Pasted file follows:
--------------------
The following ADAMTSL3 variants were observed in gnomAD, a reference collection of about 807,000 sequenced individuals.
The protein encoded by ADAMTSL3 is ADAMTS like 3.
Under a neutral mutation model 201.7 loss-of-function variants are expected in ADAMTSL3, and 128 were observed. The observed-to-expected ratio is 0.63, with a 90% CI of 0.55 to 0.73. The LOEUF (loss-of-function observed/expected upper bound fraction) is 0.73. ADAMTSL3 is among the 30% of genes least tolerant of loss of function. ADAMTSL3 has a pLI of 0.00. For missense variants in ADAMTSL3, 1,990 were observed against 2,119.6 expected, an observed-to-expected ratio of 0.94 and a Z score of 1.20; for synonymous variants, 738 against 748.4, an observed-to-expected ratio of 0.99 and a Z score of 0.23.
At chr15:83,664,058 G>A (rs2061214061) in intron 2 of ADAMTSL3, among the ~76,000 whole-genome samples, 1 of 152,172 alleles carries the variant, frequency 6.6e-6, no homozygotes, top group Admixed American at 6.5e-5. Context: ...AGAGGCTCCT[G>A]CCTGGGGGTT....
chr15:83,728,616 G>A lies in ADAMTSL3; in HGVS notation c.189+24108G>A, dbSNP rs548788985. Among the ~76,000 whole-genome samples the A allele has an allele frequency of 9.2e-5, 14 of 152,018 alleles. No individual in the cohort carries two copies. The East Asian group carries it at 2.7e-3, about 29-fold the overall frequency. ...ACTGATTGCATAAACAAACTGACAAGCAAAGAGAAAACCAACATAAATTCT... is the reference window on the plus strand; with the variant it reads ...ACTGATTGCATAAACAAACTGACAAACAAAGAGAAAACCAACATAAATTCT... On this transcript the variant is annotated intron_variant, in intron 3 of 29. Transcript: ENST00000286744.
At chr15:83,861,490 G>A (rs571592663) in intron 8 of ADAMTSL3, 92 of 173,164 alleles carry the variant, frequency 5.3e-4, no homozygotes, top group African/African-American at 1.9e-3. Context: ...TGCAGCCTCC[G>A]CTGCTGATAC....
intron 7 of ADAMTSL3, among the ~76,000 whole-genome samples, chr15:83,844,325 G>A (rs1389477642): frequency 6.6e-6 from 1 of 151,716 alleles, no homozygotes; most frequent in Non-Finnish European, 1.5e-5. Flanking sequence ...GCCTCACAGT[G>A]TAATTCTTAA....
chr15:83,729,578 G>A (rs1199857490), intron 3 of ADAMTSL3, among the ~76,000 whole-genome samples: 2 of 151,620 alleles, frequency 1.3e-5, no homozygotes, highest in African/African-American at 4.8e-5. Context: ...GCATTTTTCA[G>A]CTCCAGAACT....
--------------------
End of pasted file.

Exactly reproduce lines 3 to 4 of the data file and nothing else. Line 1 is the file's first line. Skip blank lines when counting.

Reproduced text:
Under a neutral mutation model 201.7 loss-of-function variants are expected in ADAMTSL3, and 128 were observed. The observed-to-expected ratio is 0.63, with a 90% CI of 0.55 to 0.73. The LOEUF (loss-of-function observed/expected upper bound fraction) is 0.73. ADAMTSL3 is among the 30% of genes least tolerant of loss of function. ADAMTSL3 has a pLI of 0.00. For missense variants in ADAMTSL3, 1,990 were observed against 2,119.6 expected, an observed-to-expected ratio of 0.94 and a Z score of 1.20; for synonymous variants, 738 against 748.4, an observed-to-expected ratio of 0.99 and a Z score of 0.23.
At chr15:83,664,058 G>A (rs2061214061) in intron 2 of ADAMTSL3, among the ~76,000 whole-genome samples, 1 of 152,172 alleles carries the variant, frequency 6.6e-6, no homozygotes, top group Admixed American at 6.5e-5. Context: ...AGAGGCTCCT[G>A]CCTGGGGGTT....